Former Pennsylvania Gov. Tom Ridge Hospitalized After Suffering Stroke

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Andrew Jose Contributor
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The family of former Republican Pennsylvania Gov. Tom Ridge said Wednesday that he was taken to a hospital in Washington, D.C., after suffering a stroke.

Ridge, who had served as the country’s first Department of Homeland Security (DHS)  secretary from 2003 to 2005, suffered a stroke Wednesday morning in his Bethesda, Maryland, home, his family announced in a post on Ridge’s Twitter.

His family added that he had not lost consciousness when he arrived at the medical facility’s emergency department. (RELATED: Gov. Tom Ridge Resigns From Bloomberg’s New Gun Control Group)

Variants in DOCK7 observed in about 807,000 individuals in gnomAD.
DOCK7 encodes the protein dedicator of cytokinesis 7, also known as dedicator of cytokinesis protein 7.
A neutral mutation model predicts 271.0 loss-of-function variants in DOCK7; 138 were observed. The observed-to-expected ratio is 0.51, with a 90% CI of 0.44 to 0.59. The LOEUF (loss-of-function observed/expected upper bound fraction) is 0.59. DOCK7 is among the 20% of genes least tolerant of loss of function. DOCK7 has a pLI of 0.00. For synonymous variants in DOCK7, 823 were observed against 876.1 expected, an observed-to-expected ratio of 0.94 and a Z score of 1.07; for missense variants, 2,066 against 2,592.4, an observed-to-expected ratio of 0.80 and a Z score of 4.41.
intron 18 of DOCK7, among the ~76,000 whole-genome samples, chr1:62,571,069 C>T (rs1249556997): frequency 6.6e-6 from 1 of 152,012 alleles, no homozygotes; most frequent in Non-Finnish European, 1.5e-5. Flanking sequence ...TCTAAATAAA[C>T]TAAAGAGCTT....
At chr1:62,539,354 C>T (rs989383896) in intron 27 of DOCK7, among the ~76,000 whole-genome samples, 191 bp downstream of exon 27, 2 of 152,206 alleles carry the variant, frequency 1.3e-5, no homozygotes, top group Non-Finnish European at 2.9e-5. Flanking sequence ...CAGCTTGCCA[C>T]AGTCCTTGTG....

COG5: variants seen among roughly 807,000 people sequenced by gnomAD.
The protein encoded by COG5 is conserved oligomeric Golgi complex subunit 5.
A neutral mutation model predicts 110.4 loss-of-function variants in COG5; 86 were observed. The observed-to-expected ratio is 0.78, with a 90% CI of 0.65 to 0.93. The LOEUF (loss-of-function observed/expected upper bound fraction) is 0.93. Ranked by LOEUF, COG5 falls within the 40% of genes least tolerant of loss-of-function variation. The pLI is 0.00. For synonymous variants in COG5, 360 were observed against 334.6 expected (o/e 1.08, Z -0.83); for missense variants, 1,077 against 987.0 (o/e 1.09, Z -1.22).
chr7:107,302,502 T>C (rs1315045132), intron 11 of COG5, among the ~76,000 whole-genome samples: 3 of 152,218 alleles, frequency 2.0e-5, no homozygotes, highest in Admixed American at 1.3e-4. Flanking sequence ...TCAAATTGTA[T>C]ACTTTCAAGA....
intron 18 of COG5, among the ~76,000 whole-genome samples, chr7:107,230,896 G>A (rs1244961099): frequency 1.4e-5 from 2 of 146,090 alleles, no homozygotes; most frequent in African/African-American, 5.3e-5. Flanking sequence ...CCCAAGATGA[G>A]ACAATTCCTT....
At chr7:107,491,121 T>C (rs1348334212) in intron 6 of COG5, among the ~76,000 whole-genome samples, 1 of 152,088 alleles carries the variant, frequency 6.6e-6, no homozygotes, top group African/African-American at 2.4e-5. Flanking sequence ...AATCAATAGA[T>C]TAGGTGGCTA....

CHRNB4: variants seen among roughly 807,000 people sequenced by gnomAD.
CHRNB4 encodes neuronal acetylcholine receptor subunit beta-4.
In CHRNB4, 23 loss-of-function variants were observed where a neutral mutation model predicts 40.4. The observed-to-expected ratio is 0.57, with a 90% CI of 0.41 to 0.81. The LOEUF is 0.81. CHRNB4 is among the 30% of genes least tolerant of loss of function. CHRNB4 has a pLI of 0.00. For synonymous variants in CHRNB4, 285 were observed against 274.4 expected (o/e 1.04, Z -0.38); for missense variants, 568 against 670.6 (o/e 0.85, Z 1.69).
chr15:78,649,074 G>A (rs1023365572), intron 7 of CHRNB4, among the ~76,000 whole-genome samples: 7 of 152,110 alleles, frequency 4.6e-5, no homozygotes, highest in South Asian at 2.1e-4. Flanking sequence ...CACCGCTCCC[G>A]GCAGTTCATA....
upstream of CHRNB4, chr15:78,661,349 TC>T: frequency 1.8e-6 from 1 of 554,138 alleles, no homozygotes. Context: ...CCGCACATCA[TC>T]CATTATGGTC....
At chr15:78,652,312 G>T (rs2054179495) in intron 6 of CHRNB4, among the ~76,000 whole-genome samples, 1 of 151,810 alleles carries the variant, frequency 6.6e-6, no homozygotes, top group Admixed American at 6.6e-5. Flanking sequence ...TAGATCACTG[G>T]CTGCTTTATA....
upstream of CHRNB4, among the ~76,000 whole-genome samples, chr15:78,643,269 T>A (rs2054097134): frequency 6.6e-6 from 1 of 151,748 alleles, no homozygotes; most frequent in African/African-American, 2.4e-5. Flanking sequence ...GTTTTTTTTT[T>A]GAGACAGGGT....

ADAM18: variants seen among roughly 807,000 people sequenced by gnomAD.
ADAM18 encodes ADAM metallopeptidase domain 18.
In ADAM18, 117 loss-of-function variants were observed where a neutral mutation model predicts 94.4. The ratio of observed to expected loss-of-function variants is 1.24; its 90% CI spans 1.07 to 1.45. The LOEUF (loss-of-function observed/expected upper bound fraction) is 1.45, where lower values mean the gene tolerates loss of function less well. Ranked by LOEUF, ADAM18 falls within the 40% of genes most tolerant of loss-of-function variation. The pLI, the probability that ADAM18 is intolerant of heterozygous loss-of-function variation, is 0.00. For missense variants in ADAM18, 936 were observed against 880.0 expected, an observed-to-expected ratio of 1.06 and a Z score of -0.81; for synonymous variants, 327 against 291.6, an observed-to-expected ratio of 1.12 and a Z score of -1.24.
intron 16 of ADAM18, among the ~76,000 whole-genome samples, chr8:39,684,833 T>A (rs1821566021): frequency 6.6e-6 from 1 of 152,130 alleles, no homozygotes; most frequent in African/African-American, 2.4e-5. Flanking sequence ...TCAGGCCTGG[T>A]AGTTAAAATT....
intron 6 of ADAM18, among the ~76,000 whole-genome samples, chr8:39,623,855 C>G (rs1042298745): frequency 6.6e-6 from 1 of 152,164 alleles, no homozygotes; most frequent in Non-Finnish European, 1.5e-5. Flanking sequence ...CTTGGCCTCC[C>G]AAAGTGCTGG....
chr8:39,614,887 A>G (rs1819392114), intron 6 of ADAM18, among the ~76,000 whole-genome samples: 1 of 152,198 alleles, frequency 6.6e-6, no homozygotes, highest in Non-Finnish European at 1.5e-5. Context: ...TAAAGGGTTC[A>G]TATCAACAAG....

Once admitted to the hospital, Ridge “underwent a successful procedure to remove a blood clot,” according to the statement from his family.

“The family requests your prayers for a full recovery. Further updates will be provided as events warrant,” the statement continued.

Democratic Pennsylvania Sen. Bob Casey, Democratic Pennsylvania Gov. Tom Wolf, Democratic Pennsylvania Rep. Mary Gay Scanlon were among those who expressed their best wishes for Ridge’s recovery.

Ridge served as governor of Pennsylvania over two terms from 1995 to 2001, according to an official biography.

Ridge was appointed as the first Homeland Security Adviser in Oct. 2001 by former President George W. Bush following the Sep. 11, 2001 terror attack and then the first Secretary of Homeland Security in 2003, according to the biography.

Ridge supervised the creation of the color-coded Homeland Security Advisory System (HSAS), which was later replaced in 2011, during his career as DHS Secretary, CNN reported.

After his political career in public office ended, Ridge went on to form Ridge Global LLC, a District of Columbia-based risk management firm.

In September 2020, Ridge endorsed Joe Biden for president, according to CNN.